Snelling never has hit less than .305 in six pro seasons, but he never has stayed healthy for a full season, playing just 96 games in 2002-03 because of left knee problems that required multiple surgeries. A deep bone bruise in his right wrist cost him all but 10 games in 2004. Snelling's explosive hands generate hard line drives to all fields. His instincts and drive allow him to maximize his tools. He has average arm strength and can handle either outfield corner. Given his injury history--which also includes breaks in his left hand, right thumb and right ankle, plus a strained left wrist--Snelling needs to tone down his aggressiveness. He hurt his right wrist because he was so eager to come back that he took too many swings. The knee operations have left him with slightly below-average speed. His power ceiling may be 15 homers, subpar for a corner outfielder. Snelling had a setback late in 2004, so the Mariners had him take the winter off. The goal is for him to be 100 percent for spring training and help the big league club after a tuneup in Triple-A.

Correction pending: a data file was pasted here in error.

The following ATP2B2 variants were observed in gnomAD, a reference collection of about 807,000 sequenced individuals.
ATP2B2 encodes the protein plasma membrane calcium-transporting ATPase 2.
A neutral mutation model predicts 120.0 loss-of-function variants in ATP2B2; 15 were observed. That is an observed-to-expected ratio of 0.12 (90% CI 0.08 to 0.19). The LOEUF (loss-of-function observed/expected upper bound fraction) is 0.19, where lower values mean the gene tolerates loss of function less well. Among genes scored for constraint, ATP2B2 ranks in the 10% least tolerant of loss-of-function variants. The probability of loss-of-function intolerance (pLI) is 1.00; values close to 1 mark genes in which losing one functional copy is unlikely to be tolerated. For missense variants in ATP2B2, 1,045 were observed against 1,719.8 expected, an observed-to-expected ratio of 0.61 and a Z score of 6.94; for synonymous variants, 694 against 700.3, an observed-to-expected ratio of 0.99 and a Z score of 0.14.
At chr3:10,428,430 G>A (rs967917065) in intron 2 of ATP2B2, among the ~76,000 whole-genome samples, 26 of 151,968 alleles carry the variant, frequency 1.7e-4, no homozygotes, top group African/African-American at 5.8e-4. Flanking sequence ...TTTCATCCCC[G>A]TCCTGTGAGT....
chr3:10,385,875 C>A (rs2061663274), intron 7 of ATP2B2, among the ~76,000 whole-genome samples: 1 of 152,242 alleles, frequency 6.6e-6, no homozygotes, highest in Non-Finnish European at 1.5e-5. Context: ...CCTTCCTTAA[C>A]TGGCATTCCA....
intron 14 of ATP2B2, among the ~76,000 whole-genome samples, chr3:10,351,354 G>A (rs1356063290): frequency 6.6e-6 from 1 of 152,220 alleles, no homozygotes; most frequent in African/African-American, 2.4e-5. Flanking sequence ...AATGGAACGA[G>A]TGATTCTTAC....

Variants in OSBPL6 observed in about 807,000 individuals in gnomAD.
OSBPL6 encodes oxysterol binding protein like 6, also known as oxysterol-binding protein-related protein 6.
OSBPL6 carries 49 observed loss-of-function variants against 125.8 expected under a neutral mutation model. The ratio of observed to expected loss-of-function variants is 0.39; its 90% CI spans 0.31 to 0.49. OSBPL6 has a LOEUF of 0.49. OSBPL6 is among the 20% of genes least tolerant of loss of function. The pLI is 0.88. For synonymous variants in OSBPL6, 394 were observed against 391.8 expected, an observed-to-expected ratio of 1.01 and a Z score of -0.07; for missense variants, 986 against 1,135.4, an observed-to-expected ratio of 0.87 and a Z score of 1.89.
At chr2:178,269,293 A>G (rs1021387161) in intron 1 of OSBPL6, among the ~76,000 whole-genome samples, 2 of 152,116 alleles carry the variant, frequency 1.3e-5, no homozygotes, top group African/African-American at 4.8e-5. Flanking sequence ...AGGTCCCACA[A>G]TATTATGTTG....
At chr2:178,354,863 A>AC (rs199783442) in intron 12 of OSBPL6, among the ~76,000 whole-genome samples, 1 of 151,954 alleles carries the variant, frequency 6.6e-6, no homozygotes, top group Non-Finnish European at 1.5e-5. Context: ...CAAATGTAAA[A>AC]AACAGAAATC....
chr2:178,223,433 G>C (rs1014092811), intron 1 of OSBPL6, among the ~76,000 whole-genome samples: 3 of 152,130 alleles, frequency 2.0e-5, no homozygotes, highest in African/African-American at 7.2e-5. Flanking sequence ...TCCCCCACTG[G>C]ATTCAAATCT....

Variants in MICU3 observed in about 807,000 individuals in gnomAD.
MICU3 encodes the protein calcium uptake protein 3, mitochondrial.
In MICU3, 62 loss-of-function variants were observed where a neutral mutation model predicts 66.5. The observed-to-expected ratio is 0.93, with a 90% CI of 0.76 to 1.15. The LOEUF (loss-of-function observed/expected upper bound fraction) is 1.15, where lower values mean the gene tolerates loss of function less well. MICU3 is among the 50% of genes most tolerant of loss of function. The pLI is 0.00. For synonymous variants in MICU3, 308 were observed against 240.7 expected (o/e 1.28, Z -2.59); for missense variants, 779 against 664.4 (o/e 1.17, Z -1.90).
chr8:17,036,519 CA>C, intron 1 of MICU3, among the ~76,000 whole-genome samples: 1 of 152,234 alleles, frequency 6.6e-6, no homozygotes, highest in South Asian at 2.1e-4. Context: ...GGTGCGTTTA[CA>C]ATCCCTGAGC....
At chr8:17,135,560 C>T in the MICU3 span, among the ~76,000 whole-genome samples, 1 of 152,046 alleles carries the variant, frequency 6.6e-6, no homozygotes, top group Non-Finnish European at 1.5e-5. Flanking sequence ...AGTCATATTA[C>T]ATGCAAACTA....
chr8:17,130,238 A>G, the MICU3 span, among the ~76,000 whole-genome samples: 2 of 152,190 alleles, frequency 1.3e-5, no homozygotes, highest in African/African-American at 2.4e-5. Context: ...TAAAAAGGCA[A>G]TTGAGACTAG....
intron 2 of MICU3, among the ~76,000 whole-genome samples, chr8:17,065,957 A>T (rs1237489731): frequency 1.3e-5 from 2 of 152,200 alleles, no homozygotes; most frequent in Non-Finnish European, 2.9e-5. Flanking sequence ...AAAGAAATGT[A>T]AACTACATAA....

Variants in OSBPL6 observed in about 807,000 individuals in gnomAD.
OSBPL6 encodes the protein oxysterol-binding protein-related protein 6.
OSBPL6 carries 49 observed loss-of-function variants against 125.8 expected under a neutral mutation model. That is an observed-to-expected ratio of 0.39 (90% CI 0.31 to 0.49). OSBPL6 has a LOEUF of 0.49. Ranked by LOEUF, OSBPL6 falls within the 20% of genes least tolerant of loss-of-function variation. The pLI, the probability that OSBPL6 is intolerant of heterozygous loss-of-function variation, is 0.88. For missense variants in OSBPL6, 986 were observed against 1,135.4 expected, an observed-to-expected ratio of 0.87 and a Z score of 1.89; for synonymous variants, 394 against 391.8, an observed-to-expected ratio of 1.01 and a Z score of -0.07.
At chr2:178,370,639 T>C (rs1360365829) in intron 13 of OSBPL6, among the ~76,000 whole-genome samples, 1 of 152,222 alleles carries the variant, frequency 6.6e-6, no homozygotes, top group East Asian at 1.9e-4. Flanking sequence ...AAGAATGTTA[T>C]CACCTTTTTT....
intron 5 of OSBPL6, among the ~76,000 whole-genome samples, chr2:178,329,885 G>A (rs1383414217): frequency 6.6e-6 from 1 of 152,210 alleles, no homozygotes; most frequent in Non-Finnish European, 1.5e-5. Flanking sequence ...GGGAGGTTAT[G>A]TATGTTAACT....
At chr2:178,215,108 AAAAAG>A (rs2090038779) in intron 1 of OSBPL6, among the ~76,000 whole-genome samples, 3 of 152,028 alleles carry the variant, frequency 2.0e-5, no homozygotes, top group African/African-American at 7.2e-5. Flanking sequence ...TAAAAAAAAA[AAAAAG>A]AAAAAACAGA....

Jones lit up radar guns with some 96s as a high school senior, leading many clubs to target him as a pitcher. The Mariners liked him both ways and granted his wish to play shortstop after signing him for $925,000 as their top pick in 2003. A premium athlete, Jones continues to draw gasps with his arm, rated the best among Midwest League infielders. He hit 11 homers as a teenager in low Class A, and there's more power coming. He has a sound swing and has been compared to Reggie Sanders, who also began his career as a shortstop. Jones runs well once under way and has solid range at shortstop. Jones needs to improve his grasp of the strike zone and his ability to work counts. He did show aptitude for making adjustments, overswinging less and using the whole field more later in the season. Though he could outgrow shortstop, he should retain his athleticism and at worst would become a center fielder. The Mariners like to work their shortstops at multiple positions, and Jones will get a taste of that in 2005. He's ready for high Class A.